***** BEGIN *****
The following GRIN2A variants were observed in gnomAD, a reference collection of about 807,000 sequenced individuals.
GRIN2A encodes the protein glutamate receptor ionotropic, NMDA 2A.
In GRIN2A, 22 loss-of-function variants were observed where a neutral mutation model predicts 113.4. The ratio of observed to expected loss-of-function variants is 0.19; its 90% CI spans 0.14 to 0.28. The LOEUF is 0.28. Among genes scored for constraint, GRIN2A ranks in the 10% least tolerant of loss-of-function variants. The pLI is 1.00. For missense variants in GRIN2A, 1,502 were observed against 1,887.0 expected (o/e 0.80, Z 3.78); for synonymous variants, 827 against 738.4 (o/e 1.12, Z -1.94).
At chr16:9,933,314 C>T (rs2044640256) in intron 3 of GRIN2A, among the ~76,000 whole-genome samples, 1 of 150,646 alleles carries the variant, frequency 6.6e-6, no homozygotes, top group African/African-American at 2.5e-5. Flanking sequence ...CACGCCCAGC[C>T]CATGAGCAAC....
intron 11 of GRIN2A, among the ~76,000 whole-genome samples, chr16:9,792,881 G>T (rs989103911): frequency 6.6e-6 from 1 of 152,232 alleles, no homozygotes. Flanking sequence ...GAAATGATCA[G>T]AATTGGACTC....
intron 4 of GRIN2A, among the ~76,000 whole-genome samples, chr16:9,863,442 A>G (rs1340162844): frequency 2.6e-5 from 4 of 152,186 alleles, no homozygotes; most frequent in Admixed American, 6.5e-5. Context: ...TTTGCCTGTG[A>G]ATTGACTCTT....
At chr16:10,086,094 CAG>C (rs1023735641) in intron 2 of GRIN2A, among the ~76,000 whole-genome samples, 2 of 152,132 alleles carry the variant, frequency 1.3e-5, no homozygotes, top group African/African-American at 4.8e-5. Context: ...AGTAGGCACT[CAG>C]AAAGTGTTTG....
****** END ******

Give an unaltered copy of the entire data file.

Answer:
The following GRIN2A variants were observed in gnomAD, a reference collection of about 807,000 sequenced individuals.
GRIN2A encodes the protein glutamate receptor ionotropic, NMDA 2A.
In GRIN2A, 22 loss-of-function variants were observed where a neutral mutation model predicts 113.4. The ratio of observed to expected loss-of-function variants is 0.19; its 90% CI spans 0.14 to 0.28. The LOEUF is 0.28. Among genes scored for constraint, GRIN2A ranks in the 10% least tolerant of loss-of-function variants. The pLI is 1.00. For missense variants in GRIN2A, 1,502 were observed against 1,887.0 expected (o/e 0.80, Z 3.78); for synonymous variants, 827 against 738.4 (o/e 1.12, Z -1.94).
At chr16:9,933,314 C>T (rs2044640256) in intron 3 of GRIN2A, among the ~76,000 whole-genome samples, 1 of 150,646 alleles carries the variant, frequency 6.6e-6, no homozygotes, top group African/African-American at 2.5e-5. Flanking sequence ...CACGCCCAGC[C>T]CATGAGCAAC....
intron 11 of GRIN2A, among the ~76,000 whole-genome samples, chr16:9,792,881 G>T (rs989103911): frequency 6.6e-6 from 1 of 152,232 alleles, no homozygotes. Flanking sequence ...GAAATGATCA[G>T]AATTGGACTC....
intron 4 of GRIN2A, among the ~76,000 whole-genome samples, chr16:9,863,442 A>G (rs1340162844): frequency 2.6e-5 from 4 of 152,186 alleles, no homozygotes; most frequent in Admixed American, 6.5e-5. Context: ...TTTGCCTGTG[A>G]ATTGACTCTT....
At chr16:10,086,094 CAG>C (rs1023735641) in intron 2 of GRIN2A, among the ~76,000 whole-genome samples, 2 of 152,132 alleles carry the variant, frequency 1.3e-5, no homozygotes, top group African/African-American at 4.8e-5. Context: ...AGTAGGCACT[CAG>C]AAAGTGTTTG....